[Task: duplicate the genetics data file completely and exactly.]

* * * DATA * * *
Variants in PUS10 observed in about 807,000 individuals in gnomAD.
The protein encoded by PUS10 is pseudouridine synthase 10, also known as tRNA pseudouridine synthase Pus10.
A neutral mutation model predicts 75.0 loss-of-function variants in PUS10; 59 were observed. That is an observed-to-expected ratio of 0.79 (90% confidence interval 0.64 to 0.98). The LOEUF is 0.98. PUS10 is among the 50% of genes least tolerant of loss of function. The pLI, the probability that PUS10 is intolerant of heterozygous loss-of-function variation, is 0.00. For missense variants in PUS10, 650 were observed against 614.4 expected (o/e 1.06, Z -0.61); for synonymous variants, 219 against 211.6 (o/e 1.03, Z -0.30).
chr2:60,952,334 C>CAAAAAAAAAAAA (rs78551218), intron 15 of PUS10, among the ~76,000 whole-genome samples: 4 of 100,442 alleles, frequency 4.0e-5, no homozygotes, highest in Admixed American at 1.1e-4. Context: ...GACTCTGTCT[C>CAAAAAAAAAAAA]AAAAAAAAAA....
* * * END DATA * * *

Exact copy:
Variants in PUS10 observed in about 807,000 individuals in gnomAD.
The protein encoded by PUS10 is pseudouridine synthase 10, also known as tRNA pseudouridine synthase Pus10.
A neutral mutation model predicts 75.0 loss-of-function variants in PUS10; 59 were observed. That is an observed-to-expected ratio of 0.79 (90% confidence interval 0.64 to 0.98). The LOEUF is 0.98. PUS10 is among the 50% of genes least tolerant of loss of function. The pLI, the probability that PUS10 is intolerant of heterozygous loss-of-function variation, is 0.00. For missense variants in PUS10, 650 were observed against 614.4 expected (o/e 1.06, Z -0.61); for synonymous variants, 219 against 211.6 (o/e 1.03, Z -0.30).
chr2:60,952,334 C>CAAAAAAAAAAAA (rs78551218), intron 15 of PUS10, among the ~76,000 whole-genome samples: 4 of 100,442 alleles, frequency 4.0e-5, no homozygotes, highest in Admixed American at 1.1e-4. Context: ...GACTCTGTCT[C>CAAAAAAAAAAAA]AAAAAAAAAA....